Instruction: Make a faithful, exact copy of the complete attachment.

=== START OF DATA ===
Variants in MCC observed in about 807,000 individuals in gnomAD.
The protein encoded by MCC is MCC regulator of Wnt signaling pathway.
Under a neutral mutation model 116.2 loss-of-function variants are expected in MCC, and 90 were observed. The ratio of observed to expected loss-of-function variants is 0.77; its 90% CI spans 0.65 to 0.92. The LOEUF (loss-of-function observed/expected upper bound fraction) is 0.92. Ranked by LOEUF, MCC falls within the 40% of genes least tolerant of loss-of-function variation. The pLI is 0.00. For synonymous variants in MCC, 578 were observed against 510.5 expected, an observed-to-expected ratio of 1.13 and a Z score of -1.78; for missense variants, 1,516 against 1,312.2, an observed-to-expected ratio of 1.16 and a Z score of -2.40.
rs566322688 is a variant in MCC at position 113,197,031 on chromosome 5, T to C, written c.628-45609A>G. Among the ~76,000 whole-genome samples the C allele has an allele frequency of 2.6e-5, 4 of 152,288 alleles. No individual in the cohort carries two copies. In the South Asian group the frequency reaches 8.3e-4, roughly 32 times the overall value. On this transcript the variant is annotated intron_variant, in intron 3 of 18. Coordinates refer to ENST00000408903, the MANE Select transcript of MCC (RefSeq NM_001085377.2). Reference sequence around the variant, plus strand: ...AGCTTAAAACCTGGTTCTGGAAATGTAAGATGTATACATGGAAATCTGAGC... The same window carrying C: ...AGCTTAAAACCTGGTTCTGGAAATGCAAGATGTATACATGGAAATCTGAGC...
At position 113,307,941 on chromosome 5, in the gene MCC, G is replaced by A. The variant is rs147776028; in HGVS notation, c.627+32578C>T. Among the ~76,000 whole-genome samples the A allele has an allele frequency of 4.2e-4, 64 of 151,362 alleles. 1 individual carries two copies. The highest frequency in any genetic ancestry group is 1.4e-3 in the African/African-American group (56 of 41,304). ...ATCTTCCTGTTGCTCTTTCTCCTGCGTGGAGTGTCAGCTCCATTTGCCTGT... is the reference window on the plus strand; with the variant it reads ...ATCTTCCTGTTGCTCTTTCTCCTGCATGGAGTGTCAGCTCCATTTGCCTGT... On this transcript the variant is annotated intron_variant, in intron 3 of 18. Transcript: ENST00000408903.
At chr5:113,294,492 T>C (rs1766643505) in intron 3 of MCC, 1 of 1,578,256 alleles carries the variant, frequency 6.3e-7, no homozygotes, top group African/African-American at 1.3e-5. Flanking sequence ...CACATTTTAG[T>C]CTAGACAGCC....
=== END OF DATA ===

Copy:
Variants in MCC observed in about 807,000 individuals in gnomAD.
The protein encoded by MCC is MCC regulator of Wnt signaling pathway.
Under a neutral mutation model 116.2 loss-of-function variants are expected in MCC, and 90 were observed. The ratio of observed to expected loss-of-function variants is 0.77; its 90% CI spans 0.65 to 0.92. The LOEUF (loss-of-function observed/expected upper bound fraction) is 0.92. Ranked by LOEUF, MCC falls within the 40% of genes least tolerant of loss-of-function variation. The pLI is 0.00. For synonymous variants in MCC, 578 were observed against 510.5 expected, an observed-to-expected ratio of 1.13 and a Z score of -1.78; for missense variants, 1,516 against 1,312.2, an observed-to-expected ratio of 1.16 and a Z score of -2.40.
rs566322688 is a variant in MCC at position 113,197,031 on chromosome 5, T to C, written c.628-45609A>G. Among the ~76,000 whole-genome samples the C allele has an allele frequency of 2.6e-5, 4 of 152,288 alleles. No individual in the cohort carries two copies. In the South Asian group the frequency reaches 8.3e-4, roughly 32 times the overall value. On this transcript the variant is annotated intron_variant, in intron 3 of 18. Coordinates refer to ENST00000408903, the MANE Select transcript of MCC (RefSeq NM_001085377.2). Reference sequence around the variant, plus strand: ...AGCTTAAAACCTGGTTCTGGAAATGTAAGATGTATACATGGAAATCTGAGC... The same window carrying C: ...AGCTTAAAACCTGGTTCTGGAAATGCAAGATGTATACATGGAAATCTGAGC...
At position 113,307,941 on chromosome 5, in the gene MCC, G is replaced by A. The variant is rs147776028; in HGVS notation, c.627+32578C>T. Among the ~76,000 whole-genome samples the A allele has an allele frequency of 4.2e-4, 64 of 151,362 alleles. 1 individual carries two copies. The highest frequency in any genetic ancestry group is 1.4e-3 in the African/African-American group (56 of 41,304). ...ATCTTCCTGTTGCTCTTTCTCCTGCGTGGAGTGTCAGCTCCATTTGCCTGT... is the reference window on the plus strand; with the variant it reads ...ATCTTCCTGTTGCTCTTTCTCCTGCATGGAGTGTCAGCTCCATTTGCCTGT... On this transcript the variant is annotated intron_variant, in intron 3 of 18. Transcript: ENST00000408903.
At chr5:113,294,492 T>C (rs1766643505) in intron 3 of MCC, 1 of 1,578,256 alleles carries the variant, frequency 6.3e-7, no homozygotes, top group African/African-American at 1.3e-5. Flanking sequence ...CACATTTTAG[T>C]CTAGACAGCC....